Posted by NinaMK
As a student at Moscow University, I was part of an experiment conducted by the head of the English Department. After our first semester and examination session, she insisted that those who got straight A’s should be enlisted into the same academic group. Nobody asked our opinion. Thus when we returned from our winter break we learned that we were now members of an elite group of eight students.
This meant a number of important changes in our life. First of all the four first-year groups were reshuffled; some of our new friends were now in other groups. Secondly our whole curriculum was changed; we now had a weekly lesson with a native speaker of English. Most importantly, the second semester clearly showed that we still remained individuals with different abilities; after the summer examination session four of us remained straight A students while four received several B marks each. They bitterly complained that if they remained in their former groups they might have gotten A’s too, and yet they had no wish to change anything, due to the sheer prestige of being in that high level group. There was a healthy competition among us, and naturally some envy.
I believe the experience was my first inkling and later a clear understanding of this simple fact: we always teach multi-level differentiated classes. As a teacher, I followed my own family’s and my very good role models’ examples. When we come into a new classroom we should acknowledge the fact that every student has different abilities, interests and needs as a universal truth. The level does not directly correspond to age; the curriculum does not necessarily reflect the children’s and adults’ expectations. The educational authorities guidelines do not always help; sometimes (gasp) they turn out to be a hindrance. “At the final exams each student must show…” This is more or less what we teachers get from the ministry of education; they are very sensible rules and regulations, we understand the demands and the criteria. And then there is life. A British colleague of mine who teaches English in Japan tells me that each year, he needs to come up with one answer to the perpetual question: “Why do we need this subject? How useful will it be in my future profession?”
We exchange ideas on motivation and an individualized approach to teaching and learning.
Step 1. Know your class. Check the age, the level, the family situation if possible. Take a look at their grades in other subjects. Try to envision what their future may be like.
Step 2. Ask questions during your very first lesson with a new class. What do they expect? What are their interests? How much schooling did they have previously, if at all? Do they understand why they are to learn English? NB: it is better to take notes and not to provide answers at once.
Step 3. Make a list. Can your new students converse in English or are they beginner level? Mark each student’s skills; someone may speak fluently but find difficulty reading, another may hear well but not write coherently, and so on. If you identify at least one person who is confident in all the four skills, he or she may become your most reliable (but not the only one) member of the class.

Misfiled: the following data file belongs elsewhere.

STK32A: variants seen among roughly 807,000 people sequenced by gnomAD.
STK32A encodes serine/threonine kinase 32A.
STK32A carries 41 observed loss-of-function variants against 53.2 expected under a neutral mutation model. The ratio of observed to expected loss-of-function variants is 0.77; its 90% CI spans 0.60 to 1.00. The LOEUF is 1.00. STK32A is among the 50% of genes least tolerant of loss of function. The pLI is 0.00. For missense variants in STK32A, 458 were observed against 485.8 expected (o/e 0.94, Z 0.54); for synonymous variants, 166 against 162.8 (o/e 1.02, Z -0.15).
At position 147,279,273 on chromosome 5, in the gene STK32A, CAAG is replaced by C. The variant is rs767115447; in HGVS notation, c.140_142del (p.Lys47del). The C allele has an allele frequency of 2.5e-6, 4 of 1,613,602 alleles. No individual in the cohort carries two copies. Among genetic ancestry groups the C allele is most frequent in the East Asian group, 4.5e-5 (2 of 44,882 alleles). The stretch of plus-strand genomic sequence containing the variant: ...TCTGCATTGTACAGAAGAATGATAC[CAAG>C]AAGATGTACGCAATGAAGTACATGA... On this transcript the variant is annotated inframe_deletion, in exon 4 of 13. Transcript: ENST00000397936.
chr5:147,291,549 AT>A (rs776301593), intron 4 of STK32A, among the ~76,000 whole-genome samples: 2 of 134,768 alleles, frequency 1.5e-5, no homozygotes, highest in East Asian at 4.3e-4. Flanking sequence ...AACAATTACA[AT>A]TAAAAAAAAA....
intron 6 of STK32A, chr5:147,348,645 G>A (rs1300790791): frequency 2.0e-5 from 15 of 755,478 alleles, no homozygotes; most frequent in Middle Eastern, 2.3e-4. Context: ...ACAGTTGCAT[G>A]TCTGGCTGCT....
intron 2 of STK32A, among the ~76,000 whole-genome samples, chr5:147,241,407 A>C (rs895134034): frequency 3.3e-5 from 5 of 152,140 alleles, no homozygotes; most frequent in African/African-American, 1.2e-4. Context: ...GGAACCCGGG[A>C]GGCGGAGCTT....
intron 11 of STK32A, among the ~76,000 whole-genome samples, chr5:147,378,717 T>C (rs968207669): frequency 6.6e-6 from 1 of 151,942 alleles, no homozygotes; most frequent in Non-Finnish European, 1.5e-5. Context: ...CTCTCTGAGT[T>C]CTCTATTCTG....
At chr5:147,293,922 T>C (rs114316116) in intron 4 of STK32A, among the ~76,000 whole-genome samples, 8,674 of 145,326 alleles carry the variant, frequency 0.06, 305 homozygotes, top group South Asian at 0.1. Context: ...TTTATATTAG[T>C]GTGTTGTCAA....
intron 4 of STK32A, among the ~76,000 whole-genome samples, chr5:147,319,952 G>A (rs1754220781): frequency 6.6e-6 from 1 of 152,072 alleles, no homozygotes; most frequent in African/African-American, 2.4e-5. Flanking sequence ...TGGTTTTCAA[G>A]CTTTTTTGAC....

Step 4. To ensure everybody’s participation, bring in a set of differentiated tasks and be sure to always have extras in your folder. Your best pupil will definitely need more exercises than the rest of the class; your weakest one may make a leap when you least expect it.
Step 5. To motivate all your students, use this simple trick. Think back to your own young years. Why did you choose ELT as your profession and occupation? What made it so interesting for you? Share with your class. Ask them if they agree with you, if any of them have the same motivation you had.
Step 6. Doing a project is always helpful. This may be a class activity; it does not necessarily involve any extra time or a venture into international internet projects. If you have a beginner or a very weak class, you may for instance suggest that you create a Progress Chart together. It may be presented as a poster calendar, with large squares for every day or week into which you may write various achievements. “Learned the new vocabulary”. “Did audio test with zero mistakes”. “Wrote essays”.
Step 7. Allow your students to demonstrate their abilities to the class by giving them individual tasks for a final lesson on any topic. Someone is interested in machinery? They may talk about the ways foods and goods are transported, or about airplanes and trains, or tourism. Another person likes animals. Let them talk about pets, or animal shelters, or safaris. The possibilities are endless. While not all your class may be interested in sports or music or movies, they will listen to their classmate explaining why he or she is.
Step 8. The simplest and the most complicated. If you have to teach a group of adults for whom learning English is a necessary requirement, simply tell them they must do it if they want to get a job or a status. You will notice that they may protest or even try to tell you that they cannot learn a foreign language. Sympathize but be firm. One thing always works for me: never criticize; always encourage.
Nina MK, Ph.D.